Key words: intramaxillary disharmony, lip closure insufficiency, maxillary advancement, maxillary cranial and caudal displacement; clefts of lip, alveolus, and palate; sagittal malgrowth of the maxilla, vertical malgrowth of the maxilla
Surgical relocation of the maxilla is indicated if, in addition to a malocclusion, the bony midface shows facial skeletal abnormalities. The sole Le Fort I osteotomy is performed with complete mobilization of the maxilla (downfracture included) in order to adapt the maxillary dental arch to the mandibular dental arch in neutral occlusion. Due to sagittal misgrowth of the midface, more frequent forward and less frequent backward displacements of the maxilla may be necessary to establish a neutral occlusion to the mandibular arch. This can also be the case in clefts of lip, alveolus, and palate.
Vertical changes of the maxillary position with autorotation of the mandible to achieve a neutral occlusion are also possible. Thus, cranial or caudal displacements of the maxilla may be indicated. However, maxillary displacements can also be performed without occlusal changes if only vertical hyperplasia with lip closure insufficiency is an indication for maxillary intrusion. However, since the simultaneous often desirable enlargement of the mandible by autorotation of the mandible is only slight, the indication for Le Fort I osteotomy alone is rarely given for these reasons.
It is also conceivable that a Le Fort I osteotomy may be necessary to correct excessive “long centric” (centric to habitual intercuspidation).
If there are maxillomandibular disharmonies with incongruence to the mandibular dental arch, multiple division of the maxilla in the course of a Le Fort I osteotomy is a frequent indication in order to achieve congruence to the mandibular arch and a neutral occlusion by adjusting standardized (osteotomies between teeth 12/13 and 22/23) three-part or individual tooth-bearing maxillary segments.
Indications for Le Fort I osteotomy are more extensive in the context of a maxillomandibular osteotomy because the entire maxillomandibular block is displaced three-dimensionally (see Chapter 6).
Key words: bone graft, downfracture, gingival margin incision, MMF screws, infraorbital nerve exposure, glabellar circle measurement method, local anesthesia, longitudinally oscillating osteotomy, maxillary caudal displacement, maxillary cranial displacement, minimally invasive incision, miniplate osteosyntheses, mucogingival margin, palatal nerve exposure, piezoelectric bone transection, release of the tuberosity, single-link hook, surgical splint, suture closure, wire slings, vestibular mucosal incision
Injection is performed of local anesthetic and vasoconstrictor (eg, Xylonest 1% with epinephrine 1: 200,000) in the maxillary vestibule from region 16 to 26, at the anterior nasal spine and into the mucosa of the caudal septum on both sides, and insertion of epinephrine-soaked pointed swabs into the inferior nasal passages to reduce bleeding and reduce the amount of narcotic agents at the start of surgery.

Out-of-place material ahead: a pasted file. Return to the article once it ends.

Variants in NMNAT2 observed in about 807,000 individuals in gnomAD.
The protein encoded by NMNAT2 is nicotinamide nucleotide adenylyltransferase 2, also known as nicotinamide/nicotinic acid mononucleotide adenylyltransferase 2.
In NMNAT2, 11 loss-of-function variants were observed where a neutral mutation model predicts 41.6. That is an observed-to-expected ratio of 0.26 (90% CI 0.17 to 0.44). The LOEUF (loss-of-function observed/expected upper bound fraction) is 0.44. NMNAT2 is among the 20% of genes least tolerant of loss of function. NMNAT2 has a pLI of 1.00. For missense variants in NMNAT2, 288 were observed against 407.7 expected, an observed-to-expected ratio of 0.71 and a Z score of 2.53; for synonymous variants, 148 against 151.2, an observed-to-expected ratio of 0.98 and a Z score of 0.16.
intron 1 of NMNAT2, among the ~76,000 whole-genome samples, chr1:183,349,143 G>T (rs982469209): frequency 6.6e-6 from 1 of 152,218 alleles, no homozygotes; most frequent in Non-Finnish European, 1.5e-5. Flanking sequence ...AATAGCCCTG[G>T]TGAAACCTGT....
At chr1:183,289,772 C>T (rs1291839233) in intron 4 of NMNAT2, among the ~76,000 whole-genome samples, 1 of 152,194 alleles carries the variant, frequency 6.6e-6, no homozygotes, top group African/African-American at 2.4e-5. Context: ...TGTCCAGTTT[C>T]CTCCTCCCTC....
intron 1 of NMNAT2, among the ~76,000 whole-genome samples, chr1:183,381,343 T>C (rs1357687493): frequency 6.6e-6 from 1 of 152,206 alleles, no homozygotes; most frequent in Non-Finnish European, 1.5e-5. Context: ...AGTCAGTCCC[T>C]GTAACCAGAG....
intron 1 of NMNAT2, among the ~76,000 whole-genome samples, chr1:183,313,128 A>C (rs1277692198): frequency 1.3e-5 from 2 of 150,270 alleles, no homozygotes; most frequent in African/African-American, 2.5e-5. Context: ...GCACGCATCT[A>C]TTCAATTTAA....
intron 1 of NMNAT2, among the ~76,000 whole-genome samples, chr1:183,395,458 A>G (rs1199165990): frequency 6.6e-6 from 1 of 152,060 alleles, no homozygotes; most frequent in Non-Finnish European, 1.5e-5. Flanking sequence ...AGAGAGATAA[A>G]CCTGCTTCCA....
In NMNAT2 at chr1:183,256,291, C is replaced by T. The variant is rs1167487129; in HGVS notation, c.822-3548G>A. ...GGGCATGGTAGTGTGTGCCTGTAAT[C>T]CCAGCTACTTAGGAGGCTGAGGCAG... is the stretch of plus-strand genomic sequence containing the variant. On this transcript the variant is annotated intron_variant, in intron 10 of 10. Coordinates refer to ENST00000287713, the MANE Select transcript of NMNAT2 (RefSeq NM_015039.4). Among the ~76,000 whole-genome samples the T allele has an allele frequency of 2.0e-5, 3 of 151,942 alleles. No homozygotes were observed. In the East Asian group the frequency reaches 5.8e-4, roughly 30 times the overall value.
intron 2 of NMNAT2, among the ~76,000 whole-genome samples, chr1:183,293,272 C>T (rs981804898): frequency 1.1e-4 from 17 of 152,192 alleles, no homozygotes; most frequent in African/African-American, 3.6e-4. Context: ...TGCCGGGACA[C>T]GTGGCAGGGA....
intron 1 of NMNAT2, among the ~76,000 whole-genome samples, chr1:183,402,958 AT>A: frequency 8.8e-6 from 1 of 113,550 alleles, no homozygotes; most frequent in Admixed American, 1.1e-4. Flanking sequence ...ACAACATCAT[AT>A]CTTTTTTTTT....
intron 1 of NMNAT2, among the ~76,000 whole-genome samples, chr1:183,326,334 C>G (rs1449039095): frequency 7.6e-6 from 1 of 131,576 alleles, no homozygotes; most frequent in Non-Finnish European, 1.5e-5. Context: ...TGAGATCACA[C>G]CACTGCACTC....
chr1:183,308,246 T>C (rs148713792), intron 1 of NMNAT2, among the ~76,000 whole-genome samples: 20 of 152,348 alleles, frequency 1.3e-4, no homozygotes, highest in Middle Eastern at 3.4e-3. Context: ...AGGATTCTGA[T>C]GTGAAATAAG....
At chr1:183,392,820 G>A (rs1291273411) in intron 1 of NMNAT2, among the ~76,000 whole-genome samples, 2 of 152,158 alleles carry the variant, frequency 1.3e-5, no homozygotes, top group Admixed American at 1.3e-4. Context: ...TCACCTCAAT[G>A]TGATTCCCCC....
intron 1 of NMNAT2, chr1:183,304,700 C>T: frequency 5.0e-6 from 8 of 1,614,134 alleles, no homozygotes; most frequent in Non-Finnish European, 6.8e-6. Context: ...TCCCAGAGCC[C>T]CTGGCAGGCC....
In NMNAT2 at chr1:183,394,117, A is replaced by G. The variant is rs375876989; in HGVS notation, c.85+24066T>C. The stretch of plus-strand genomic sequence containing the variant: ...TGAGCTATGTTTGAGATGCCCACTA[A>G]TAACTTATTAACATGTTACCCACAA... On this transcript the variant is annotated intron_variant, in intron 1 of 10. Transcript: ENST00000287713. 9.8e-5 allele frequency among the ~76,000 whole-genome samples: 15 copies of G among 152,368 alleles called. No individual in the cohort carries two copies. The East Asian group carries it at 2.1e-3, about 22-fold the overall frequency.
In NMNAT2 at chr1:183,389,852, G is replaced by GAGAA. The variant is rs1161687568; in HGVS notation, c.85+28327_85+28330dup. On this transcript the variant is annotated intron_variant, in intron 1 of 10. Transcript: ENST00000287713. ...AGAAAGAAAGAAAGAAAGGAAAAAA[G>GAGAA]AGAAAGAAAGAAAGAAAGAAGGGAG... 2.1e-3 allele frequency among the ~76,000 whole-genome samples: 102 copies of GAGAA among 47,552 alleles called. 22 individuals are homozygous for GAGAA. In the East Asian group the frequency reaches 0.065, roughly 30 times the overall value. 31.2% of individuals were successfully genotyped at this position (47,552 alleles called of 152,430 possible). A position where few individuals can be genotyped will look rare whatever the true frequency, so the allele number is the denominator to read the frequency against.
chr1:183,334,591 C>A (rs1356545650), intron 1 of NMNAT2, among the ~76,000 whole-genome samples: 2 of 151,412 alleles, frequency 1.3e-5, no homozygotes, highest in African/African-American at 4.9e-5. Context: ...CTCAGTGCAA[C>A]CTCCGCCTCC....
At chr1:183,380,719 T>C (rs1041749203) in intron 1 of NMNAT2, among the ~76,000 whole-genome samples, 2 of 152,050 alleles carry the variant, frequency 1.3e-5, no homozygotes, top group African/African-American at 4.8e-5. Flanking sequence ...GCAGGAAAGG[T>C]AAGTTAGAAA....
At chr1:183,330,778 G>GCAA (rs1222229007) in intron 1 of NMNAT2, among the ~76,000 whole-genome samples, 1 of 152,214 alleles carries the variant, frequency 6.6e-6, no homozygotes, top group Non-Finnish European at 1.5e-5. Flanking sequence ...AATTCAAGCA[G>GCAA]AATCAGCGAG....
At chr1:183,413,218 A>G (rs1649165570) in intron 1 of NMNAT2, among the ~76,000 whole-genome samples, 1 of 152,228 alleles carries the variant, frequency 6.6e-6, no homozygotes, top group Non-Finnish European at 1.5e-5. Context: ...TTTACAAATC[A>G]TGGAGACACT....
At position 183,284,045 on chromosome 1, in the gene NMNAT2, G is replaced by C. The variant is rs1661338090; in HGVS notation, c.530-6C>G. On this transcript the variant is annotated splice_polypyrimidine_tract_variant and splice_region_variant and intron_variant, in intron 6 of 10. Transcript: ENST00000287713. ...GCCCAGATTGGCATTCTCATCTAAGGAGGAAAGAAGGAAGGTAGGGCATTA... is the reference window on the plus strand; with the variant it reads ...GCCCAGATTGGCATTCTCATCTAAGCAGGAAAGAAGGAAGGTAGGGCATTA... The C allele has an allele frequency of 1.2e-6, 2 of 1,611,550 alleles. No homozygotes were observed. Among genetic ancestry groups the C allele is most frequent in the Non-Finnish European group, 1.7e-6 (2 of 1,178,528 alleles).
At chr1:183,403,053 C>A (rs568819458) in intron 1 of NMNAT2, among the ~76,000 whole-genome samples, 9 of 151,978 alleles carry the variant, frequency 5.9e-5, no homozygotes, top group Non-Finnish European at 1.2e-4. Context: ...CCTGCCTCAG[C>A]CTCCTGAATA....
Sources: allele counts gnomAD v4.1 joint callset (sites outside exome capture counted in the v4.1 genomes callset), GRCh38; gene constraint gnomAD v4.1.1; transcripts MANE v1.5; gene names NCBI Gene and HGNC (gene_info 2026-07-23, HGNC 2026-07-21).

The first action is the determination of the midface height to adjust the maxilla at the same level or higher or deeper depending on the operation planning. A reference pin is clocked stably in the bony surface of the glabella region and remains until the end of the operation. The distance from the reference pin to the brace fixing wire is measured by an ascertainable circle (see Fig 10-2a) and is transferred to a ruler (Medicon). Either the maxilla is exposed with the scalpel through a gingival margin incision from region 17 to 27 with distobuccal relief into the tuberosity region, or it is opened with the scalpel or electrically through a mucosal incision through the vestibulum approximately 4 mm cranial to the mucogingival border from region 16 to 26. In the case of minor bony displacements of the maxilla, if a complete downfracture can be avoided, a minimally invasive approach is also possible on both sides in the lateral maxillary vestibule while retaining a medial mucosal bridge. In multi-unit maxillary osteotomies, no gingival margin is indicated to preserve maxillary blood supply (for more detail, see Chapter 11).
The level of midface osteotomy is illustrated by the anatomical drawings in Fig 10-1. Five bony walls are transected in the transverse plane, the two lateral and the two medial maxillary sinus walls and the septum. Figure 10-1b shows the horizontal section through the midface visible in the cranial direction after maxillary downfracture opened maxillary sinuses and the inner nose with the lower turbinates, which may still be covered by the preserved nasal floor mucosa.
First, the periosteum is loosened starting from the canine fossa distally to the region of the tuberosity (if possible without opening the buccal fat pad) and anteriorly to the nasal entrance (Fig 10-2a). This is followed by exposure of the infraorbital nerve at the foramen, exposure of the anterior nasal spine, release of the periosteum at the piriform aperture, and undermining and release of the mucosa of the two inferior nasal passages and the bony transition to the septum on both sides (Fig 10-2b).
Horizontal osteotomy is performed with piezoelectric instruments or the longitudinal oscillating saw from the maxillary tuberosity to the lateral piriform aperture on both sides (Fig 10-2c). This is followed by release of the cartilaginous septum at the anterior nasal spine and sagittal separation of the entire anterior cartilaginous and posterior bony septum with the nasal chisel (Fig 10-2d